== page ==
Essential Consultants LLC is a Delaware shell company created by Cohen in October 2016 to facilitate payment of hush money to Stormy Daniels. For many months thereafter, Cohen used the LLC for an array of business activities largely unknown to the public, with at least $4.4 million moving through the LLC between Trump’s election to the presidency and January 2018. In May 2018, Stormy Daniels’ lawyer Michael Avenatti posted a seven-page report to Twitter detailing what he said were financial transactions involving Essential Consultants and Cohen. Avenatti did not reveal the source of his information, which was later largely confirmed by The New York Times and other publications. The data showed that hundreds of thousands of dollars were given to Cohen, via Essential Consultants, from Fortune 500 firms such as Novartis and AT&T, which had business before the Trump administration. It was also revealed that Essential Consultants had received at least $500,000 from a New York-based investment firm called Columbus Nova, which is linked to a Russian oligarch. The firm’s largest client is a company controlled by Viktor Vekselberg, a Ukrainian-born Russian oligarch. Vekselberg is a business partner of Soviet-born billionaire and major Republican Party donor, Leonard Blavatnik. A spokesperson for Columbus Nova said that the payment was a consulting fee that had nothing to do with Vekselberg.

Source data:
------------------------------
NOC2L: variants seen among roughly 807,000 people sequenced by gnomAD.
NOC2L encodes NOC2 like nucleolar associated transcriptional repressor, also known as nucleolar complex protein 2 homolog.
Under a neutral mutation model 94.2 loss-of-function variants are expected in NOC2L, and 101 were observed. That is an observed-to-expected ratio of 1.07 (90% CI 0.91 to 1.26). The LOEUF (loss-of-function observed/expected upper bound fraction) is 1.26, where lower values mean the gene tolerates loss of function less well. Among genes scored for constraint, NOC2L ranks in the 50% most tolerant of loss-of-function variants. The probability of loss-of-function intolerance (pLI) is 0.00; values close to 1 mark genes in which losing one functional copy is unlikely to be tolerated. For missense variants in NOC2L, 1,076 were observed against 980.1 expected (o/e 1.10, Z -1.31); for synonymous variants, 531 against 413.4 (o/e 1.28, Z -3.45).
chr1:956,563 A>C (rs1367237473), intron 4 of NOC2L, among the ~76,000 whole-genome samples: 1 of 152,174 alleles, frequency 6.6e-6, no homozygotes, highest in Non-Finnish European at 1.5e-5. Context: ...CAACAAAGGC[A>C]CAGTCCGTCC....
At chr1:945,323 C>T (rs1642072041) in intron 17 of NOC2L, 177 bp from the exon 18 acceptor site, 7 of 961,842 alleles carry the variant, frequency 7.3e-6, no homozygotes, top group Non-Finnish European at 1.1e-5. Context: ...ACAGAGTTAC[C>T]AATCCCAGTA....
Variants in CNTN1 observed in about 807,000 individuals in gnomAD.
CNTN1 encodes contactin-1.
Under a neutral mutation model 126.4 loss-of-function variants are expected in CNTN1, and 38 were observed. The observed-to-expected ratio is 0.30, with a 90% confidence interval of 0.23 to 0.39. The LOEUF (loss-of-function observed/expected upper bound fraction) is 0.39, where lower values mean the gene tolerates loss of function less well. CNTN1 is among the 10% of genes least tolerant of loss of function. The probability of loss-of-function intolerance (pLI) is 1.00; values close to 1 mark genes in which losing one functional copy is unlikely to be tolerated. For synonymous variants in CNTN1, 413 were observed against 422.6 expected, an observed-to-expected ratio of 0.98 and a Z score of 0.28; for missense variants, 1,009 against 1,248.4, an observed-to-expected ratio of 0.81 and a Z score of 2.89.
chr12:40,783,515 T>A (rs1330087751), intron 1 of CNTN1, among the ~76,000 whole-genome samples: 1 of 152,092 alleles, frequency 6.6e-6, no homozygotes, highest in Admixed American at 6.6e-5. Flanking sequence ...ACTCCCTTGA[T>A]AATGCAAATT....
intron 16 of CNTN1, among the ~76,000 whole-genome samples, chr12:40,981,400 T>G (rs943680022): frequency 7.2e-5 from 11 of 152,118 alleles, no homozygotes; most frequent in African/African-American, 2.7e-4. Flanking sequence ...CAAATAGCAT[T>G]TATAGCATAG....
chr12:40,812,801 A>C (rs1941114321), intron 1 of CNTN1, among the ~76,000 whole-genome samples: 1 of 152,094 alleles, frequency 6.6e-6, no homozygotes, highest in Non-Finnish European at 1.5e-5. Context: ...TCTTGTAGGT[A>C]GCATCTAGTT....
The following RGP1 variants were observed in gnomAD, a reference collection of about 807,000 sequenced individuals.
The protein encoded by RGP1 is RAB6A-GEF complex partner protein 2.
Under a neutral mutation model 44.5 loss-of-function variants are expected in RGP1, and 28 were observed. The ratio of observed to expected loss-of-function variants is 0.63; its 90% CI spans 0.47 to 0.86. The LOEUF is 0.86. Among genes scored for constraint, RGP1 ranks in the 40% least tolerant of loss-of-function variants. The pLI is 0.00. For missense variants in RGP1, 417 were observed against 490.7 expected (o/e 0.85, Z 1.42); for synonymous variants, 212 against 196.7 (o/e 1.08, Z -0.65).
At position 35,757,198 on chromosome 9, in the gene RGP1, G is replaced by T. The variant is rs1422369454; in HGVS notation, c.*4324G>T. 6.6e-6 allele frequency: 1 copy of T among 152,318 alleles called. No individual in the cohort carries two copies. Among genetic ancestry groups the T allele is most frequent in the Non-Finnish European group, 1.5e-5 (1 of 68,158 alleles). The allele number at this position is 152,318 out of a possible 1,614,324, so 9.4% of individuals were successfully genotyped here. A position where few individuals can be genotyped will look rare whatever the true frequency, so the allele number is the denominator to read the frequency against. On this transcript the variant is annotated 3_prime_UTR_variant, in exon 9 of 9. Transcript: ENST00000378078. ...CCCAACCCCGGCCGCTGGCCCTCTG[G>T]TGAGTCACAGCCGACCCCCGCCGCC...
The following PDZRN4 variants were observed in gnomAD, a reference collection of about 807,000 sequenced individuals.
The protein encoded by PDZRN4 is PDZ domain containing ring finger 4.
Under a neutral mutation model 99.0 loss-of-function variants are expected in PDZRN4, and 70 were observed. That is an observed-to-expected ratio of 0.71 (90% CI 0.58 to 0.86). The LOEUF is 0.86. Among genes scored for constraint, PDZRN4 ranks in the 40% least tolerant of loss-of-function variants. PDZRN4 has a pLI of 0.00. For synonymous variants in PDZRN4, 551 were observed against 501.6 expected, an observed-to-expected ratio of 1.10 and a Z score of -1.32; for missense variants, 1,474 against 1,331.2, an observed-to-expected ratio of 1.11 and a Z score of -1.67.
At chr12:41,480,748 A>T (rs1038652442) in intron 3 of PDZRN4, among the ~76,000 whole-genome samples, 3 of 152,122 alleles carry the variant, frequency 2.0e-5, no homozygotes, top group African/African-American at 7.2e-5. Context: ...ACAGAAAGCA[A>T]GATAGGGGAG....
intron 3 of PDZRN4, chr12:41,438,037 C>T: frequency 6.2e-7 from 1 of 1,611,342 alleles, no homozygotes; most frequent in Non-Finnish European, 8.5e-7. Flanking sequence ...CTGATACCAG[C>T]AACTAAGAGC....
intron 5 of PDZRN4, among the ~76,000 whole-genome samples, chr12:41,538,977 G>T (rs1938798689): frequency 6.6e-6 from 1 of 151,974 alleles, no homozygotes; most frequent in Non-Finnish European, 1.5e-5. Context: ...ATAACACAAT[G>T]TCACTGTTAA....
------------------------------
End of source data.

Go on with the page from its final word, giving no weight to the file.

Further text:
The Trump–Russia dossier, published in January 2017, alleges that Cohen met with Russian officials in Prague, Czech Republic, in 2016 with the objective of paying those who had hacked the DNC and to “cover up all traces of the hacking operation”. The dossier contains raw intelligence, and is thought to be a mix of accurate and inaccurate information. Cohen denied the allegations against him, stating that he was in Los Angeles between August 23 and 29, and in New York for the entire month of September. According to a Czech intelligence source, there is no record of him entering Prague by plane, but Respekt magazine and Politico pointed out that he could have theoretically entered by car or train from a neighboring country within the Schengen Area, for example Italy. In the latter case, a record of Cohen entering the Schengen zone from a non-Schengen country should exist, if it occurred. However, on April 13, 2018, the DC Bureau of McClatchy Newspapers reported that Special Counsel Robert Mueller has evidence that Cohen did travel to Prague during the late summer of 2016, with two sources having confirmed this secret trip. The evidence is said to show that Cohen entered the Czech Republic from Germany, and since both countries are in the European Union’s Schengen passport area, Cohen would not have needed to receive a passport stamp to enter Czech territory.
The following day, Cohen again denied he has “ever been to Prague”. Cohen also said that he didn’t travel to the European Union in August 2016. McClatchy reported in December 2018 that a mobile phone traced to Cohen had “pinged” cellphone towers around Prague in late summer 2016. McClatchy also reported that during that time an eastern European intelligence agency had intercepted communications between Russians, one of whom mentioned that Cohen was in Prague. However, the Mueller Report states “Cohen had never traveled to Prague and was not concerned about those allegations, which he believed were provably false”: 139